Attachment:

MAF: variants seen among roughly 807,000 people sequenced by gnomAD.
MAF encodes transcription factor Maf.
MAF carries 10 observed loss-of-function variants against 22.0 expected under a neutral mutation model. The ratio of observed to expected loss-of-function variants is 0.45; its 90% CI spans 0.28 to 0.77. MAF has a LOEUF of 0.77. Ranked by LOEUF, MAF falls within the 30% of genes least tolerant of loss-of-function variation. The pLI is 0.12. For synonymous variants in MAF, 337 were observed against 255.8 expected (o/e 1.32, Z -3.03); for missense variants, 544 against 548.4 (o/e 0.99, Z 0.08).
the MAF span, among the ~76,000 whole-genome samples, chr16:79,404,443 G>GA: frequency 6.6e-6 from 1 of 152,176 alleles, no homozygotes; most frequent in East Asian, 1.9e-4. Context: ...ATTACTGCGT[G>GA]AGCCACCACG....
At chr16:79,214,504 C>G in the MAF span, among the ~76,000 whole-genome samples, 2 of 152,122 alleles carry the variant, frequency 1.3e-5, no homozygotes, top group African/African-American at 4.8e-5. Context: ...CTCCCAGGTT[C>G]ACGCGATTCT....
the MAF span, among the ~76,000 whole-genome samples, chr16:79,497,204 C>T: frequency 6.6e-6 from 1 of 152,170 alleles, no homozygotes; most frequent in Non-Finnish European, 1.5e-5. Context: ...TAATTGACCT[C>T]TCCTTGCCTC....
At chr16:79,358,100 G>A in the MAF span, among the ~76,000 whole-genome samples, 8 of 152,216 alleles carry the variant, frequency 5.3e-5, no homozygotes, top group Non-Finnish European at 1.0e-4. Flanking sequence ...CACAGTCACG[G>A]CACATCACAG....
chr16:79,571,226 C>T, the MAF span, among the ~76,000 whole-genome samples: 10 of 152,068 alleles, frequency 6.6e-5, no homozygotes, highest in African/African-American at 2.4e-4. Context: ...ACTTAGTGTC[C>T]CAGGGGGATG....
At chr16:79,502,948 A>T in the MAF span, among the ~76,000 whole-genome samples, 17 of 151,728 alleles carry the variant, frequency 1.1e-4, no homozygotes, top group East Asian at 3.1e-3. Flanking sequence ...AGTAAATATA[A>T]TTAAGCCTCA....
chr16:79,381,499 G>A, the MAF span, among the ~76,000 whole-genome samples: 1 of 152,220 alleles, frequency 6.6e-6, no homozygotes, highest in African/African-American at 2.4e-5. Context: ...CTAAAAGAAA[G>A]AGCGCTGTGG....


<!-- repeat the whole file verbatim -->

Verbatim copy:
MAF: variants seen among roughly 807,000 people sequenced by gnomAD.
MAF encodes transcription factor Maf.
MAF carries 10 observed loss-of-function variants against 22.0 expected under a neutral mutation model. The ratio of observed to expected loss-of-function variants is 0.45; its 90% CI spans 0.28 to 0.77. MAF has a LOEUF of 0.77. Ranked by LOEUF, MAF falls within the 30% of genes least tolerant of loss-of-function variation. The pLI is 0.12. For synonymous variants in MAF, 337 were observed against 255.8 expected (o/e 1.32, Z -3.03); for missense variants, 544 against 548.4 (o/e 0.99, Z 0.08).
the MAF span, among the ~76,000 whole-genome samples, chr16:79,404,443 G>GA: frequency 6.6e-6 from 1 of 152,176 alleles, no homozygotes; most frequent in East Asian, 1.9e-4. Context: ...ATTACTGCGT[G>GA]AGCCACCACG....
At chr16:79,214,504 C>G in the MAF span, among the ~76,000 whole-genome samples, 2 of 152,122 alleles carry the variant, frequency 1.3e-5, no homozygotes, top group African/African-American at 4.8e-5. Context: ...CTCCCAGGTT[C>G]ACGCGATTCT....
the MAF span, among the ~76,000 whole-genome samples, chr16:79,497,204 C>T: frequency 6.6e-6 from 1 of 152,170 alleles, no homozygotes; most frequent in Non-Finnish European, 1.5e-5. Context: ...TAATTGACCT[C>T]TCCTTGCCTC....
At chr16:79,358,100 G>A in the MAF span, among the ~76,000 whole-genome samples, 8 of 152,216 alleles carry the variant, frequency 5.3e-5, no homozygotes, top group Non-Finnish European at 1.0e-4. Flanking sequence ...CACAGTCACG[G>A]CACATCACAG....
chr16:79,571,226 C>T, the MAF span, among the ~76,000 whole-genome samples: 10 of 152,068 alleles, frequency 6.6e-5, no homozygotes, highest in African/African-American at 2.4e-4. Context: ...ACTTAGTGTC[C>T]CAGGGGGATG....
At chr16:79,502,948 A>T in the MAF span, among the ~76,000 whole-genome samples, 17 of 151,728 alleles carry the variant, frequency 1.1e-4, no homozygotes, top group East Asian at 3.1e-3. Flanking sequence ...AGTAAATATA[A>T]TTAAGCCTCA....
chr16:79,381,499 G>A, the MAF span, among the ~76,000 whole-genome samples: 1 of 152,220 alleles, frequency 6.6e-6, no homozygotes, highest in African/African-American at 2.4e-5. Context: ...CTAAAAGAAA[G>A]AGCGCTGTGG....